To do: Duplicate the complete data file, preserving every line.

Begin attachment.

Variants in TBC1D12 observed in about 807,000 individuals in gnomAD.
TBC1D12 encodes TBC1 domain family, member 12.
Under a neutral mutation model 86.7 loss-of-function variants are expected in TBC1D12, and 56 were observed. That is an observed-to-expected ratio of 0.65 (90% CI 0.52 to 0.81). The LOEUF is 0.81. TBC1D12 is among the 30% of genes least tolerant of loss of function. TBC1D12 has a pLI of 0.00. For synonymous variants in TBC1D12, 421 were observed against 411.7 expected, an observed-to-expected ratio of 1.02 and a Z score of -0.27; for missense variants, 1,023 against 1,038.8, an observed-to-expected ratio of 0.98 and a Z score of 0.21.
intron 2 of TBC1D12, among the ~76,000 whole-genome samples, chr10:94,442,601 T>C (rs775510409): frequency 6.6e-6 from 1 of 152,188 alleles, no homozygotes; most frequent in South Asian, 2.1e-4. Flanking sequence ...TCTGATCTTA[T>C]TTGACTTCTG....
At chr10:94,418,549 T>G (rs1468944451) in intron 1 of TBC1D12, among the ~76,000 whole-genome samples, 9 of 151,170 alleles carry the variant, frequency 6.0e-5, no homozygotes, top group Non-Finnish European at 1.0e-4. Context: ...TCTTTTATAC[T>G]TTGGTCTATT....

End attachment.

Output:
Variants in TBC1D12 observed in about 807,000 individuals in gnomAD.
TBC1D12 encodes TBC1 domain family, member 12.
Under a neutral mutation model 86.7 loss-of-function variants are expected in TBC1D12, and 56 were observed. That is an observed-to-expected ratio of 0.65 (90% CI 0.52 to 0.81). The LOEUF is 0.81. TBC1D12 is among the 30% of genes least tolerant of loss of function. TBC1D12 has a pLI of 0.00. For synonymous variants in TBC1D12, 421 were observed against 411.7 expected, an observed-to-expected ratio of 1.02 and a Z score of -0.27; for missense variants, 1,023 against 1,038.8, an observed-to-expected ratio of 0.98 and a Z score of 0.21.
intron 2 of TBC1D12, among the ~76,000 whole-genome samples, chr10:94,442,601 T>C (rs775510409): frequency 6.6e-6 from 1 of 152,188 alleles, no homozygotes; most frequent in South Asian, 2.1e-4. Flanking sequence ...TCTGATCTTA[T>C]TTGACTTCTG....
At chr10:94,418,549 T>G (rs1468944451) in intron 1 of TBC1D12, among the ~76,000 whole-genome samples, 9 of 151,170 alleles carry the variant, frequency 6.0e-5, no homozygotes, top group Non-Finnish European at 1.0e-4. Context: ...TCTTTTATAC[T>G]TTGGTCTATT....